Invoking Python from Python

Mike Meyer mwm at mired.org
Wed Nov 9 02:14:38 CET 2005


claird at lairds.us (Cameron Laird) writes:
> In article <pan.2005.11.08.16.21.11.472836 at thomas-guettler.de>,
> Thomas Guettler  <niemand.leermann at thomas-guettler.de> wrote:
>>creating source code with a script, is no good solution. 
>>Once I had to maintain lisp code which stored its data in lisp code, too
>>(incl. conditions and loops). It was a nightmare.
> Yes and no.  There are times when it's justified.  I ENTIRELY
> agree, though, that many people who *think* that's what they
> want to do simply don't understand how dynamic base Python is,
> and therefore don't realize how much easier it can be to write
> a single, unified application.

Yup. Python can do a lot of things directly that other languages might
solve with code that writes code. However, that's a *very* powerful
technic, and not everything it does can be done with lesser tools. On
the other hand, it's a *very* powerful technic, and abusing it can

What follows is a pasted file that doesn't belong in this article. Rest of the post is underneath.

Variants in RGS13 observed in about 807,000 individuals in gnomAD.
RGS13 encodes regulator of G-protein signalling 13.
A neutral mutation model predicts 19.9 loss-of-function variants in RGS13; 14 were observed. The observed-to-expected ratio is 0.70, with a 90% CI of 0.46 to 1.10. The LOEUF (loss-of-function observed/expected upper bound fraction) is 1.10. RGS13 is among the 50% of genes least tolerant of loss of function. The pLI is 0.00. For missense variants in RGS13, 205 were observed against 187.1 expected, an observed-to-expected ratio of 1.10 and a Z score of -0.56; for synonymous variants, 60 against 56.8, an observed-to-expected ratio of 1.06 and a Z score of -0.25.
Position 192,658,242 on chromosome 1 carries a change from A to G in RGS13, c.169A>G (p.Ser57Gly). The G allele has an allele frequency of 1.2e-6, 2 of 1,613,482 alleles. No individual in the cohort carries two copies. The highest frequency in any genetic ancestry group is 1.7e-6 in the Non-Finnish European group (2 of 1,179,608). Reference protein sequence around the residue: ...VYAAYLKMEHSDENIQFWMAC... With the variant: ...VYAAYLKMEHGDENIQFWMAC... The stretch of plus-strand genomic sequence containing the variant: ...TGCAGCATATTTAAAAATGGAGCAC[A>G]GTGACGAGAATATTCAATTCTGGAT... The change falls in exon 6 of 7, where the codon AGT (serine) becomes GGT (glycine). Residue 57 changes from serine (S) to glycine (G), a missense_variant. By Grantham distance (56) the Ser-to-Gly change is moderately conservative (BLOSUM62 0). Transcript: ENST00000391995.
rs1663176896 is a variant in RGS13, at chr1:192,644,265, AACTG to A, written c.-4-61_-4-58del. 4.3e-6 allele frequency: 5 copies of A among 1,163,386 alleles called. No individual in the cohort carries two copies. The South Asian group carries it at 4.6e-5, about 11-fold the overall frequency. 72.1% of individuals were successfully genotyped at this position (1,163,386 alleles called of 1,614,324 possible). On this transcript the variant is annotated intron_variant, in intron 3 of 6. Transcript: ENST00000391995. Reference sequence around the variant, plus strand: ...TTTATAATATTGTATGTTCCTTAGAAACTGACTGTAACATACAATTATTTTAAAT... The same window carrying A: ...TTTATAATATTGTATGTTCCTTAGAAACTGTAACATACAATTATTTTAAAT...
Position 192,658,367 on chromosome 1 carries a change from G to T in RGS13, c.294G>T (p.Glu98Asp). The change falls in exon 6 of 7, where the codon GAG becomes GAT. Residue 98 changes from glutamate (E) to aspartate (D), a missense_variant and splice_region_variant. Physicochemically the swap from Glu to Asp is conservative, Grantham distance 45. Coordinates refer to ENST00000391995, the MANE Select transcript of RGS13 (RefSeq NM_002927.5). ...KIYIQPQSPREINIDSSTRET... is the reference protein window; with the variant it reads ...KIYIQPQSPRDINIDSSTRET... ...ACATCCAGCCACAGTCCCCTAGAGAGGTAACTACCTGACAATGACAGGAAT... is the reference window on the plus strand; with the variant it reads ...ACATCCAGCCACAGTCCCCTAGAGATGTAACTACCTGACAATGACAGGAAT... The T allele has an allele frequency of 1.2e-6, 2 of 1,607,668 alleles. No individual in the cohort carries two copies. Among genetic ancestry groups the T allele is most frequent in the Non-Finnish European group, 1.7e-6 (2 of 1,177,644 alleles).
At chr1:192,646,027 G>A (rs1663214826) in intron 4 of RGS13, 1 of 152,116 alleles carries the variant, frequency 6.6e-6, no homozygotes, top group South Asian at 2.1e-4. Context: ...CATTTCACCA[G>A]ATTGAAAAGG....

easilyi create unmaintainable code.

> At this point, 'twould be appropriate to describe an instance
> or two in which code generation is a good idea.  While I have
> some, they're tedious to make clear.  Maybe I'll do so in a
> follow-up ...

Since Cameron didn't provide examples, let me grab a simple one. The
cheetah templating system works by creating Python programs from the
template. The programs, when run, output the "filled in" template. The
templates are generally more maintainable than the raw python - even
if you cleaned up all the things Cheetah does to make writing
templates easier. This model makes it possible for Cheetah templates
use inheritance - they can inherit from each other, from python
classes, and python classes can inherit from them.

        <mike
-- 
Mike Meyer <mwm at mired.org>			http://www.mired.org/home/mwm/
Independent WWW/Perforce/FreeBSD/Unix consultant, email for more information.



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